The Working Group on the Western Balkans: Setting an Agenda for Transatlantic Cooperation | Wilson Center

The Working Group on the Western Balkans: Setting an Agenda for Transatlantic Cooperation

The EU and the US agree that the long-term goal for the Western Balkans is European integration. For a variety of reasons, however, progress on this goal has stalled. This series aims at launching a discussion on the hurdles to enlargement in the Western Balkans, the tools available to various international actors in the region, and how these resources might best be applied to reach the goal of integration most efficiently. These meetings, therefore, address issues that are at the core of the making the Transatlantic relationship work.

                The special focus of this meeting will be on agenda setting. With the current crisis in the Eurozone, it is understandable that Western Balkan accession will not be a top priority. Nevertheless, the Enlargement DG, the US Department of State as well as the foreign ministries of EU member states, along with other international actors will obviously continue to work on the region. In this environment, when leadership will be distracted by other concerns, it is more important than ever that policy on the region be coordinated, and a joint agenda may help keep this process on track.

                During the discussion, we hope to identify policy elements that might be integrated into a joint EU-US agenda for the region. Working group policy briefs have suggested various policy changes and innovations. It remains unclear, however, how these ideas might be incorporated into the international policy agenda, how the labor will be divided among different actors, or if other issues have since become priorities.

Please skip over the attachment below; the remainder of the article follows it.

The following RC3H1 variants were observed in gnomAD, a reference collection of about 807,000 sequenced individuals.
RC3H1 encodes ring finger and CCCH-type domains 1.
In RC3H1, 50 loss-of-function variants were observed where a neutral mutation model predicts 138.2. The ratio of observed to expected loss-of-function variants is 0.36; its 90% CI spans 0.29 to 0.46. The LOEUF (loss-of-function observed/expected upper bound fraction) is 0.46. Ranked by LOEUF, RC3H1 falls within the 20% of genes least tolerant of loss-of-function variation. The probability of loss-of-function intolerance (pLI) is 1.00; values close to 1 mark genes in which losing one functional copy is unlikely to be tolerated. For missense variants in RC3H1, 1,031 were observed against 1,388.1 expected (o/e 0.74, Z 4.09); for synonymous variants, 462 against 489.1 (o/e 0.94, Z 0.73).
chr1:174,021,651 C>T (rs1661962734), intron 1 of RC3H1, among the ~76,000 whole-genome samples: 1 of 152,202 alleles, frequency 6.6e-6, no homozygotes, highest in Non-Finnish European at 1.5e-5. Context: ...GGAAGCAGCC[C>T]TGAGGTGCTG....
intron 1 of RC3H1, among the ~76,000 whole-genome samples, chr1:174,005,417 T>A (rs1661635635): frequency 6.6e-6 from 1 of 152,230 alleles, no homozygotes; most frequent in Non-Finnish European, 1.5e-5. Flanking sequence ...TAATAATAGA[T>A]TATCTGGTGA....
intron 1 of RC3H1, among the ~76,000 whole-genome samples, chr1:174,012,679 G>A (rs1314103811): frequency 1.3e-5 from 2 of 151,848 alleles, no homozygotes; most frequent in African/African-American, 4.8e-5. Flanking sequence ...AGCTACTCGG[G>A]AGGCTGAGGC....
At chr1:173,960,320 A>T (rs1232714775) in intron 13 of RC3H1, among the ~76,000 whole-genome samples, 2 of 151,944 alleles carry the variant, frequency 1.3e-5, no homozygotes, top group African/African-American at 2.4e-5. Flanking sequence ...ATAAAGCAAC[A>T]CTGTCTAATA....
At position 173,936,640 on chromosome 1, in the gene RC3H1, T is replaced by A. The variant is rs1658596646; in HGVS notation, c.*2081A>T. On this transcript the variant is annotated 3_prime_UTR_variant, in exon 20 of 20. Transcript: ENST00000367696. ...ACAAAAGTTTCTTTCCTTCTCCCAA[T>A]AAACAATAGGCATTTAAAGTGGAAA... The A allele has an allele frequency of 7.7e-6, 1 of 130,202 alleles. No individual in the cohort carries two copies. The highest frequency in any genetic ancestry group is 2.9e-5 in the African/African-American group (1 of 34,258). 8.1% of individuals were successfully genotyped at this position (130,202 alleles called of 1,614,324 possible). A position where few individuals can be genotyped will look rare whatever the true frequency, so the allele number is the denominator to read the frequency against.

9:45 Coffee

10:00am Meeting begins; Welcome and Introduction by Nida Gelazis, Senior Associate, European Studies

What is on the policy agenda in the EU and US for the Western Balkans? How might EU and US coordination be improved?

Brief presentations:

Ambassador Philip Reeker, Deputy Assistant Secretary for European and Eurasian Affairs, U.S. Department of State

Rory Domm, EU Delegation

Ambassador Kurt Volker, Center for Transatlantic Relations, Johns Hopkins SAIS

12:00 Lunch

1:00 What are the elements of a successful transatlantic agenda? How have issues such as civil society engagement been brought into the agenda, and have these efforts been successful? What issues are not currently addressed by the EU-US agenda? How can we work to keep local politicians from coopting the international agenda in ways that delay or distract from the goal of EU accession?

Introduction to the topic:

Ivana Howard, National Endowment for Democracy

Dimitar Bechev, European Council on Foreign Relations

Ivan Vejvoda, German Marshall Fund

3:00 Meeting ends



David Armitage

National Intelligence Council



Dimitar Bechev

European Council on Foreign Relations

Robert Benjamin
National Democratic Institute


Ina Breuer

Project on Justice in Times of Transition

David Bosco

American University

Ambassador Srdjan Darmanovic

Embassy of Montenegro


Rory Domm

EU Delegation


Ambassador Cynthia Efird

Helsinki Commission

Kellee Farmer

Department of State


Nida Gelazis
Wilson Center


Gisella Gori
EU Delegation

Michael Haltzel

Johns Hopkins SAIS


Robert Hand

Helsinki Commission

Michael Henning



Bruce Hitchner

Tufts University

Ivana Howard

National Endowment for Democracy


Lise Morje Howard

United States Institute of Peace

Harris Mylonas

Harvard University


James O’Brien
Albright Stonebridge Group

Jonas Rolett

Soros Foundation


Ambassador Philip Reeker

Department of State


Cynthia Romero

Atlantic Council

Clelia Rontoyanni

World Bank

Christian Sadat

German Embassy


Daniel Serwer

Johns Hopkins, SAIS

Jason Steinbaum

House Committee on Foreign Relations


Ivan Vejvoda

German Marshall Fund


Ambassador Kurt Volker

Johns Hopkins SAIS

Peter Zernite

Department of State